Monday, 25 April 2011

Post-Triduum Thoughts

These first pictures were taken early on Holy Saturday in All Saints, the Altars stripped and bare, the Cross used for the veneration during the Good Friday Liturgy clearly visible.

Holy Saturday began with a gathering for Morning Prayer and the Litany, together with a Reading from an ancient Homily, on the Harrowing of Hell, the Christian poetic imagination's response to 1 Peter 4.6, where the Gospel is preached even to the dead.

As the day wore on, gatherings of the faithful descended on both churches, to clean, decorate and prepare for the great day. By late afternoon, as these pictures show, Holy Saturday has given way to Easter Eve.

The Font and High Altar at S.Mary's, ready for Easter Day.

On Holy Saturday, the Aumbry in the S.Nicholas Chapel at S.Mary's still empty, awaiting the joyous restoration of the Blessed Sacrament:

All the services of the Great Three Days have been noticeably well attended this year, from Bishop Stephen presiding for us at the Maundy Thursday Liturgy, right through to the Dawn Liturgy, and the 4 celebrations of the Holy Eucharist on Easter Day. Despite some exhaustion on the afternoon of Easter Day, having surfaced at around 3.45am, my conscience, my faith and my Church all instruct me that this day is the Queen of Feasts , meaning that some feasting and drinking is obligatory.....

A few more pictures of All Saints, taken in the early evening of Holy Saturday, awaiting the visit of the women to the Tomb:

In the middle of the Medieval East Window at S.Mary's, you can just see on this picture a wonderful Resurrection Image, based on the account in St Matthew's Gospel, as Christ holds the Royal Victorious Banner, and the soldiers cower in terror.

Thou Art Risen, O Lord!
Let the quiet Altar dazzle with light;
let us haste to thy Presence, wondering, incredulous for joy;
and partake of thy Risen Life.

(Eric Milner-White)

Sunday, 17 April 2011

Palm Sunday, of the Lord's Passion

A well-attended Sunday, some of the faithful away, but  well balanced by a sprinkling of occasionals, and one or two new folk. The happy, holy chaos of the procession around the streets at All Saints, and then our Bishop Stephen, presiding at the Liturgy at St Mary's. This year his pilgrimage through Holy Week sees him based principally in our Deanery. The first time I have ever heard a Bishop begin a Homily with the words, 'I have only been tear-gassed once...'.

Despite being Ordained for over 20 years, there always seems to be a sense of Holy Week suddenly taking me by surprise. This year has been no exception, despite an attempt to get ahead. Palm Sunday has taken us where we need to be, spiritually and practically, and I trust we are ready with readers, and with feet to wash and eyes to watch for Maundy Thursday. There will be Holy Oil Stocks to prepare, various bits of furniture to move, service sheets to find or produce which, together with the Daily Liturgies, will take us through the next three days. An encouraging number of folk have come forward and responded to the invitation to Confession or Counsel.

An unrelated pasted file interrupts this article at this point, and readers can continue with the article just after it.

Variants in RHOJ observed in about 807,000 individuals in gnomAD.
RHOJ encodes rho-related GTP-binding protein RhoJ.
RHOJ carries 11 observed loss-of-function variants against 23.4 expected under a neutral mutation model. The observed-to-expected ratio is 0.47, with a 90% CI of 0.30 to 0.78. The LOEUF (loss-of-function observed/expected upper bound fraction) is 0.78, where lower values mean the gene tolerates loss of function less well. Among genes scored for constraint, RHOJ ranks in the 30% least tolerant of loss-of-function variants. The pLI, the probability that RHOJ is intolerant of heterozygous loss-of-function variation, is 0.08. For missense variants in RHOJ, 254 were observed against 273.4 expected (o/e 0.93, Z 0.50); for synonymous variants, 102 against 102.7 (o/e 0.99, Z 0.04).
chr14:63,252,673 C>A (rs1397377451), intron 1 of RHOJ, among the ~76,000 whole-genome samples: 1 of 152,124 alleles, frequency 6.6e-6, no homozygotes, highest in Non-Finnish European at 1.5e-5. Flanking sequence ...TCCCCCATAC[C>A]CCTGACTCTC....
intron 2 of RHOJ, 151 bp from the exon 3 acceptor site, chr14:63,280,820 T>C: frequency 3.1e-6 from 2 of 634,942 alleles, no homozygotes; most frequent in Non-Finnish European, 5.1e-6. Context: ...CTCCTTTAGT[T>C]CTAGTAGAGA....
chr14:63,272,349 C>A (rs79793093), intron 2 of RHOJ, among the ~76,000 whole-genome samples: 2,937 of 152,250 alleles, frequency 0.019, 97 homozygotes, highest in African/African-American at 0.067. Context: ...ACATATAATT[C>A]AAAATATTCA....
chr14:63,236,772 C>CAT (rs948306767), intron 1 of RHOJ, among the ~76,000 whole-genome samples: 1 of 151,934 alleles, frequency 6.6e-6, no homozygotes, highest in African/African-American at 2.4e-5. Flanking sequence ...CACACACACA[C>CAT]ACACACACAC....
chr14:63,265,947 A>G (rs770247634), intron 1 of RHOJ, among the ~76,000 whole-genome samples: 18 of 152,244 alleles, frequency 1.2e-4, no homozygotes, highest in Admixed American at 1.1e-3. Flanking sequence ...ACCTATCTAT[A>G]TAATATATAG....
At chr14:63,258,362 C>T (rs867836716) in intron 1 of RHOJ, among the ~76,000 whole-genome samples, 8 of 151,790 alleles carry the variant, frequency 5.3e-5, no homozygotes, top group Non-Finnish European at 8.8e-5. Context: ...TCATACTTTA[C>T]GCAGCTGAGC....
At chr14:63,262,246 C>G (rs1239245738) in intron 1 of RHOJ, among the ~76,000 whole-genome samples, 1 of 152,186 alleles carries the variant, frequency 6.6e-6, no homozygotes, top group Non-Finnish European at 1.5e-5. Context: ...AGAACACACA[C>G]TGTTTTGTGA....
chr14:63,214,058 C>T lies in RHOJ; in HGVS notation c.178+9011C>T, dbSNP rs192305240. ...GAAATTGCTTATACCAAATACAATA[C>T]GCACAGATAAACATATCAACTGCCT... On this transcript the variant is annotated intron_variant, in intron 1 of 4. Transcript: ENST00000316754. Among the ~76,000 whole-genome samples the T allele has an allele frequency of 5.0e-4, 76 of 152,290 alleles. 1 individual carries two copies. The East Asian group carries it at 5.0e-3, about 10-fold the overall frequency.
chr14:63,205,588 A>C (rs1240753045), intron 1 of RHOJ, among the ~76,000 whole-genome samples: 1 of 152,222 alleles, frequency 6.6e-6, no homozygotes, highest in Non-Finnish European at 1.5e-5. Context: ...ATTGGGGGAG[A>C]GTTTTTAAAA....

A helpfully reflective Evening Prayer and Benediction tonight - the Lord turned up. As there are houses built quite close around All Saints, its often possible in the silence to hear conversations going on outside, children shouting and playing, car doors being shut - a real sense that we are the Church in the world, and the Lord's Blessing is given for all in our Parish, whether they are aware of it or not. As we pray in a petition we often use on Sunday evenings, may the Lord remember those who have said no prayers on this Lord's Day, and those who do not know how to pray.

Saturday, 2 April 2011

Mothering Sunday

The 4th Sunday in Lent is known by various titles; Refreshment Sunday, Laetare Sunday or Mothering Sunday. It marks a mid-point in the season of Lent, when fasting rules and Lenten disciplines are relaxed, so we can be refreshed when we take them up again! Words traditionally used in the Liturgy today, from the prophet Isaiah, encourage us to rejoice:

Rejoice with Jerusalem and be glad for her, all you who love her. Rejoice with her in joy, all you who mourn over her; as a mother comforts her child, so I will comfort you, says the Lord: you shall be comforted in Jerusalem. Isaiah 66.10,13

We give thanks today for our Holy Mother, the Church, and the spiritual Jerusalem; for the Blessed Virgin Mary, Mother of God; for all mothers, and for all who care for children. The flowers offered in many churches today are gifts from Mother Church.

The Christian tradition for today is therefore much richer and more inclusive than the commercial Mothers’ Day; (before the false idol Hallmark got involved, the origins of the secular Mother's Day are to be found in an anti-war movement by Mothers of American Soldiers in World War 1.) Today we pray also for those whose experience of motherhood is difficult, or for families and relationships that are broken or estranged. Our life in community as Christians reminds us that we are all children of one Heavenly Parent and Creator, the God and Father of us all.